Although biotech stocks as a whole handily outpaced the S&P 500 returns last year, there's no guarantee that investors will be similarly rewarded this year. To get insight into whether biotech stocks can continue climbing, we asked three top Motley Fool contributors to give us their opinion. Read on to learn what they think.
Cheryl Swanson: Bringing a new drug to market not only costs big bucks (a staggering $5 billion, according to Forbes), but only one in 1,000 drugs makes it to human testing, and less than 20% of those are ever approved for human use. This dynamic makes high drug pricing extremely important to biotech investors.
The recent deal between Express Scripts (NASDAQ:ESRX) and AbbVie (NYSE:ABBV) to exclude Gilead Science's (NASDAQ:GILD) pricey hep-C treatments set the stage for a potentially serious pricing war in biotech stocks. Gilead's shares slumped 14.3% on the news, and the company lost an astounding $24 billion in market capitalization.
Although Gilead recovered, playing hardball against high drug pricing is rapidly expanding. When asked what's next on his chopping block, Express Scripts CEO George Paz, speaking at the JP Morgan Healthcare Conference, said forthcoming bad-cholesterol meds (PCSK9 inhibitors) are "the short term, and cancer is a long term."
Biotechs are the stock market darlings for now. But if profit margins end up significantly lower than many anticipate this year, they could quickly fall out of favor. Bottom line: This sector is anything but crash-proof in 2015.
Todd Campbell: Cheryl's point regarding the risk of pricing pressure shouldn't be ignored, but I believe that those price risks will be more than offset by rising demand.
For example, Gilead Sciences and AbbVie will undoubtedly get paid less this year for their hepatitis C drugs than they would've gotten paid last year, but total script volume is likely to jump. In 2014, sky-high prices forced healthcare payers to ration access to Gilead Sciences' Sovaldi, but new exclusivity deals are likely to reduce the need for that kind of behavior. If so, thousands more patients with less advanced stages of the disease could be treated, and that could mean that overall revenue and profit at these companies heads higher, not lower. If I'm right, then investors may end up focusing more on that growth than on shrinking, but still healthy, margins.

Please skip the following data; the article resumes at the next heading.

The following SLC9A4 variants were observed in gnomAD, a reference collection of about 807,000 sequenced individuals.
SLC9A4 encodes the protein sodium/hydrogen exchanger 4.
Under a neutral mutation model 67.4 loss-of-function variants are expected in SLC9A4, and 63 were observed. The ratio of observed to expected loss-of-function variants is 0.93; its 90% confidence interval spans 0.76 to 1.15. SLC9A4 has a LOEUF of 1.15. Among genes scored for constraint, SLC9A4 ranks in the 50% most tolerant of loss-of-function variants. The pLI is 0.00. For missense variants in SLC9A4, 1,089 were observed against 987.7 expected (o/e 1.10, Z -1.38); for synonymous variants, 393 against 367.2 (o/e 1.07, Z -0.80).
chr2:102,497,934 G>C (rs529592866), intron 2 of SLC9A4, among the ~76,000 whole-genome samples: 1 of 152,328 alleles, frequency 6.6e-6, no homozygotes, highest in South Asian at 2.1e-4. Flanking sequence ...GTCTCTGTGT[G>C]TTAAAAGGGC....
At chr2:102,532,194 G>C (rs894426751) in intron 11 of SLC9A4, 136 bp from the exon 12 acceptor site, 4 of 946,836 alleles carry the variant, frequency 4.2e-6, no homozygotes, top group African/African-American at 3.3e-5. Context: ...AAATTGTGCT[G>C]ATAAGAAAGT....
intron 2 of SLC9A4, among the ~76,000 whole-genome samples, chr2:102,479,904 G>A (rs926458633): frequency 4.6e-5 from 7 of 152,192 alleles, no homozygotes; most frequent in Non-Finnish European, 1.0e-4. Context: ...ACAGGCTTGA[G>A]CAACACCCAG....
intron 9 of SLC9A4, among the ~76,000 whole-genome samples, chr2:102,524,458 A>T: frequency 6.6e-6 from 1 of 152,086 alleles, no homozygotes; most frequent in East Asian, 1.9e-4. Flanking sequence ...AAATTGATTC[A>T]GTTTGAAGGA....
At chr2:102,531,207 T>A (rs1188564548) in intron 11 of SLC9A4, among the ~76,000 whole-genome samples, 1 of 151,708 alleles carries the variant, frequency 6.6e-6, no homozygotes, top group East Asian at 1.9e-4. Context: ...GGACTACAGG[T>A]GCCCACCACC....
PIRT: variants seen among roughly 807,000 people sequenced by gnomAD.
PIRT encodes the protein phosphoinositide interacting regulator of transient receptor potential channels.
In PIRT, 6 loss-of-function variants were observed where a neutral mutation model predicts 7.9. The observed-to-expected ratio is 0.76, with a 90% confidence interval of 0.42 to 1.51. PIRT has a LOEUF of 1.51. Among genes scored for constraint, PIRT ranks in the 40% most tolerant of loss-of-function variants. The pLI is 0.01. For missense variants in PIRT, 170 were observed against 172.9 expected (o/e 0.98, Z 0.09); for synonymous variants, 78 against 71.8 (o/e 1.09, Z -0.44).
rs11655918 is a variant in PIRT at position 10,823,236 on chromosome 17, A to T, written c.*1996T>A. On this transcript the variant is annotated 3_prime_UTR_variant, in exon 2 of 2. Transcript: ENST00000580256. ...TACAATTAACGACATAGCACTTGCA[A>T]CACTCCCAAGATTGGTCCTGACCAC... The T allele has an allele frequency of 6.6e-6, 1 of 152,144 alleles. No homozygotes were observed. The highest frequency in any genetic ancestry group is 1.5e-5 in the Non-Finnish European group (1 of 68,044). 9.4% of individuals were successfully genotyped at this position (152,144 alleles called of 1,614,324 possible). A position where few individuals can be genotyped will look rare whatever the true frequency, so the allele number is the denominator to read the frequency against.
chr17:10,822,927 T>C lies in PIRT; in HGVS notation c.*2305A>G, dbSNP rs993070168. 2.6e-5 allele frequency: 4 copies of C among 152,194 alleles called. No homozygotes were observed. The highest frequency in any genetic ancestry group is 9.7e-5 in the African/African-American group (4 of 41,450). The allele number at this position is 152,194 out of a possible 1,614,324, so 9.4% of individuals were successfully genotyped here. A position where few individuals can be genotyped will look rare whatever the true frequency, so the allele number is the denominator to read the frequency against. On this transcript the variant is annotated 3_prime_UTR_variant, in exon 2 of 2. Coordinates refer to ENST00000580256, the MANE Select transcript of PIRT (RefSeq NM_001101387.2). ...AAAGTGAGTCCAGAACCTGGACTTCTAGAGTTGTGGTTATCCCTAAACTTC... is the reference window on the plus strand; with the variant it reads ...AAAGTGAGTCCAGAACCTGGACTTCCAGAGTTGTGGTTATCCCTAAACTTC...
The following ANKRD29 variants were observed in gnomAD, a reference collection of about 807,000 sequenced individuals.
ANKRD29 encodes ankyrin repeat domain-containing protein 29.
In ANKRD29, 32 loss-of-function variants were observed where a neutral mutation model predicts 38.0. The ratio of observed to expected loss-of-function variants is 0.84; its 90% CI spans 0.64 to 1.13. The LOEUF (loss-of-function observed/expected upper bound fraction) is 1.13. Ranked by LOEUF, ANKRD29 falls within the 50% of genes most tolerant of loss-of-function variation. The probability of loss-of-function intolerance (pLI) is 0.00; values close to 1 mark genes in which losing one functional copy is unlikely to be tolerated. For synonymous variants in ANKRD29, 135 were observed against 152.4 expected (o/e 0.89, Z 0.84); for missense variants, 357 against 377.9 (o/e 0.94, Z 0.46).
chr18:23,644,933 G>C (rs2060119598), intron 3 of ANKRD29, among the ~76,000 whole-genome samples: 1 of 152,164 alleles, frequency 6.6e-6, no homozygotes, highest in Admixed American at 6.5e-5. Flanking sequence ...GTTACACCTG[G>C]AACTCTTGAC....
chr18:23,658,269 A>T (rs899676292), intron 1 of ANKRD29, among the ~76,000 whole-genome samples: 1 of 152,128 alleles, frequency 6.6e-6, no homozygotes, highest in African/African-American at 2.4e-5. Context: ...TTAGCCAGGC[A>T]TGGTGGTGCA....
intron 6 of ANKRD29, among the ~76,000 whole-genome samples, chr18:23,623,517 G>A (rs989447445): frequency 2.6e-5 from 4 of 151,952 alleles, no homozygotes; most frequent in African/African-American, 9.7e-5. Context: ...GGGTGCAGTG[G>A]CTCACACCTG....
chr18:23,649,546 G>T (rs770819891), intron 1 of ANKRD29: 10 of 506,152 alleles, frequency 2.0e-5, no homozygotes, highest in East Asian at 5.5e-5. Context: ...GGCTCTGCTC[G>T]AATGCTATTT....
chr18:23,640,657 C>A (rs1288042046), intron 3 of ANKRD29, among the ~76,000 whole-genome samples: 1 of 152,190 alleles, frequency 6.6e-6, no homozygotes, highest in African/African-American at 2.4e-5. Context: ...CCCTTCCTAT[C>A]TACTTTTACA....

I also think that biotech stocks could repeat their winning ways this year because of significant pipeline news flow. Biotech stocks tend to trade up or down more on tomorrow's potential than today's profit, and that may suggest that the significant influx of capital into the industry over the past three years -- and the corresponding surge in clinical-stage drugs in biotech pipelines -- could translate into a steady stream of trial data that keeps investors interested in owning stocks in the industry.
George Budwell: Biotech stocks trade perhaps as much on optimism as anything else. And while the push-back from payers may dampen expectations this year, as Cheryl aptly notes, I think the commercial launch of several game-changing new classes of drugs, over the next year or so, should help to keep investors excited about the industry going forward.
On the cancer front, for instance, Bristol-Myers Squibb (NYSE:BMY) and Merck (NYSE:MRK) are both in the process of bringing a powerful new type of immunotherapy to the market, namely "PD-1 inhibitors." Although the initial regulatory filings for Bristol and Merck's respective drugs aren't exactly blockbuster material, they are expected to eventually generate revenues in the multibillion-dollar range, as their clinical testing for other types of cancers progresses.
And then there's the host of new PCSK9-inhibitors, coming down the pike from the likes of Amgen (NASDAQ:AMGN), Pfizer (NYSE:PFE), and Sanofi (NYSE:SNY). These next-gen cholesterol drugs are not only showing impressive results in terms of lowering bad cholesterol levels, but they're also exhibiting improvements in heart disease outcomes. If this trend holds to the final data readouts in the ongoing late-stage trials, these drugs could post monstrous sales numbers.
With the industry going through an unprecedented innovation boom, I think biotech will ultimately shrug off the pricing pressure issue and push higher in 2015.
Cheryl Swanson and Todd Campbell own shares of Gilead Sciences. George Budwell owns shares of AbbVie and Gilead Sciences. The Motley Fool recommends Express Scripts and Gilead Sciences. The Motley Fool owns shares of Express Scripts, Gilead Sciences, and JPMorgan Chase. Try any of our Foolish newsletter services free for 30 days. We Fools don't all hold the same opinions, but we all believe that considering a diverse range of insights makes us better investors. The Motley Fool has a disclosure policy.
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